“Ok, so how about 14th April?”
“Let me check my P Tracker.”
My husband and I are planning our holidays. It’s a tricky business.
“Well, no honey, 14th is no good as that’ll be a week before my period and I can’t guarantee I won’t be spotting already and I wouldn’t be able to go swimming or use a Jacuzzi.”
I also know that I’m likely to feel achy and I wouldn’t be able to walk far or relax.
The week of my period is, as it’s been for a very long time, a complete write-off. It’s that one week of the month, one week in every four, when my life is, quite literally, put on hold. I reduce my activity to the barest minimum. My existence is reduced to surviving. I turn from active to passive. My brain is so overwhelmed with the onslaught of heavy bleeding and extensive pain in the pelvic area, legs and often my arms, that it really can’t cope with anything else. Travelling is out of the question.
Well, ideally a week after my period, because then for one week, there’s a chance I’ll be feeling my ‘best’.
“Try April 28th maybe?” I ask him, having consulted my period tracker app.
I know that my ‘best’ is not that good either, but it’s our best shot: although I won’t be bleeding, my endometriosis influences our holiday decisions quite extensively. A day excursion? Will there be loos on the way? – I can’t guarantee that my bladder and my bowels will behave. It’s scary. The not knowing what my body will decide to do to me. Tummy ache in the heat is awful. Foreign toilets are scary.
Airports are tricky. I know that the lady in the red hat has got nothing better to do than watch me go to the loo four times in a row at the departure lounge. Embarrassing. But that’s my life. I’m used to it now.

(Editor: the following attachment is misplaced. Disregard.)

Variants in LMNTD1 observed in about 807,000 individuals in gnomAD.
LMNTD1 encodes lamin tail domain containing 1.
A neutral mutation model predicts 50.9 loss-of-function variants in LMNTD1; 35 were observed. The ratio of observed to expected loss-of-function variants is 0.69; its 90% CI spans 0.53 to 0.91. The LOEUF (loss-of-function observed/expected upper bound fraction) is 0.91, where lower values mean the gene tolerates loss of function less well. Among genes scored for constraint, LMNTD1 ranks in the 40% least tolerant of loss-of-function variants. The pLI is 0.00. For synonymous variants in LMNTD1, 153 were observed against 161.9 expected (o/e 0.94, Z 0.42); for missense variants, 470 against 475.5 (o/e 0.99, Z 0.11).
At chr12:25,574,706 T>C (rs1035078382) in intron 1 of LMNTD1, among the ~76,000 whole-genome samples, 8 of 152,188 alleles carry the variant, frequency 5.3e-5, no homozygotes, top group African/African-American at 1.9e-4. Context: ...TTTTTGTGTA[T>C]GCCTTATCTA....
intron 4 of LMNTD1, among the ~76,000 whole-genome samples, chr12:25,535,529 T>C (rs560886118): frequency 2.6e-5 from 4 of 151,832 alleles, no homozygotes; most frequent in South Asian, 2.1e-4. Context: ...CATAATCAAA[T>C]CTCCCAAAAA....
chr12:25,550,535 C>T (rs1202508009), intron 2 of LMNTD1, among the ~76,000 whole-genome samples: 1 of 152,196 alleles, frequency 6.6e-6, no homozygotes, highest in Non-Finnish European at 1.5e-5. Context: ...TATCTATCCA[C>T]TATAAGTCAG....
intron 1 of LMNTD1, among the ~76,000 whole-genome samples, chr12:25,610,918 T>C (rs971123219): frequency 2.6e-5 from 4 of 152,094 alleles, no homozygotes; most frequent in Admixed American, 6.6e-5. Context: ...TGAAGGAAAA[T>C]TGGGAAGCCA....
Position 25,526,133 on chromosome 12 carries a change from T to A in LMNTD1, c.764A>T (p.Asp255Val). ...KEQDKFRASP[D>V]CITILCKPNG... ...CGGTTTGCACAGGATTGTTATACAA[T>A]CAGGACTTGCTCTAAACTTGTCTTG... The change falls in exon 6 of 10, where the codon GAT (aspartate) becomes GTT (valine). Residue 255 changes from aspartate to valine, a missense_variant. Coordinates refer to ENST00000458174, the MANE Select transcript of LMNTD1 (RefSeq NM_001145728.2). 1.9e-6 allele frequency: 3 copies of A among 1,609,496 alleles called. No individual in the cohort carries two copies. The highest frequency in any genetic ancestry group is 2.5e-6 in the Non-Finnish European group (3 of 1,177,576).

“You’d better go now again as we’ll be boarding soon,” warns my husband. He means the loo. Our trips are planned around those. I’ve been to all at the airport on the way from the entrance to the gate. To some a few times. I’ll annoy him by needing to go again the moment the seat belt signs are off.
“I can’t help it.” I pledge with him.
And I can’t. It’s just the way it is. It’s the way it’s been for a long time.
We’re both hoping that once my 7-cm chocolate cyst that sits right on top of my bladder is drained, my bladder will get a bit of a breather and will stop telling me it’s full all the time. My husband is used to stopping for a comfort break 10 minutes into many of our journeys.
Strangers are more awkward. How do you explain to your male colleague that he got there earlier, because I had to stop twice on the way? Good for him. I’m fine with his smug face. Life is not a race.
The operation’s been successful. My bladder is a bit better. We both cheer my bladder.
Life with endometriosis is full of those precious small moments of joy.
We’ve got our routine. We try to be patient with each other. I refuse to feel sorry for myself for as long as possible whenever possible. People simply don’t understand. I’ve stopped trying to explain.
C’est la vie.
My husband’s booked our holidays. I’m looking forward to it. Maybe my body will even behave. Here’s hoping!